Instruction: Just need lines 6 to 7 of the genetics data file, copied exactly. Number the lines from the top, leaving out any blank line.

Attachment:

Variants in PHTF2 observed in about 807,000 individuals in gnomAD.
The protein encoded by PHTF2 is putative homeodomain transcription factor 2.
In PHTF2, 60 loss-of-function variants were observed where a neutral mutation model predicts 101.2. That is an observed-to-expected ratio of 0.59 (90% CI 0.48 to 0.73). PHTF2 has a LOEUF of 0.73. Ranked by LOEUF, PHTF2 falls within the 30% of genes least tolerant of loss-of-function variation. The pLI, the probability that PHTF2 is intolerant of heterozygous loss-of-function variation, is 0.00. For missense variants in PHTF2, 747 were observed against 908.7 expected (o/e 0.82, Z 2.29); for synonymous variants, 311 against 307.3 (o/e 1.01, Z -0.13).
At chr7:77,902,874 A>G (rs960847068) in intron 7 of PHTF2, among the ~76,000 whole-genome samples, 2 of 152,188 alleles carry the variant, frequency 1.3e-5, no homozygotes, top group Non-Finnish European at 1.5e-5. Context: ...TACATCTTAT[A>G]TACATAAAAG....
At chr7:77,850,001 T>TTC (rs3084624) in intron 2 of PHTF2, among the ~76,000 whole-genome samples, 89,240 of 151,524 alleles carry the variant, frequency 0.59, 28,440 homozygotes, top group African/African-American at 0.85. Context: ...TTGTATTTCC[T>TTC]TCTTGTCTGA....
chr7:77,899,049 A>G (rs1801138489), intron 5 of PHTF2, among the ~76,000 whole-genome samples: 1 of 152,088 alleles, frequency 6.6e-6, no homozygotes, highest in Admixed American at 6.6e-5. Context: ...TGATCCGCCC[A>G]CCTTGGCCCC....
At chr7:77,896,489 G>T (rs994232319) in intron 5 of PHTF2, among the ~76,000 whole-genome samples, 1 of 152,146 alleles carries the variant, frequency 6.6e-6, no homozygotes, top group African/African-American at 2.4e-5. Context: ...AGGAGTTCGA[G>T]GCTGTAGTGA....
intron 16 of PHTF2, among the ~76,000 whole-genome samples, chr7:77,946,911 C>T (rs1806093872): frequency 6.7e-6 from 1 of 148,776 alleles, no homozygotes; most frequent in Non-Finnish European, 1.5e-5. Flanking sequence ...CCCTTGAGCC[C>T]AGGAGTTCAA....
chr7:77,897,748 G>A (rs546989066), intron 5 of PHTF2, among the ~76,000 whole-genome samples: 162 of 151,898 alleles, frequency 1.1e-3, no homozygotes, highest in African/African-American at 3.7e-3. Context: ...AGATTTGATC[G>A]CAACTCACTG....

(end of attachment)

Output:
chr7:77,899,049 A>G (rs1801138489), intron 5 of PHTF2, among the ~76,000 whole-genome samples: 1 of 152,088 alleles, frequency 6.6e-6, no homozygotes, highest in Admixed American at 6.6e-5. Context: ...TGATCCGCCC[A>G]CCTTGGCCCC....
At chr7:77,896,489 G>T (rs994232319) in intron 5 of PHTF2, among the ~76,000 whole-genome samples, 1 of 152,146 alleles carries the variant, frequency 6.6e-6, no homozygotes, top group African/African-American at 2.4e-5. Context: ...AGGAGTTCGA[G>T]GCTGTAGTGA....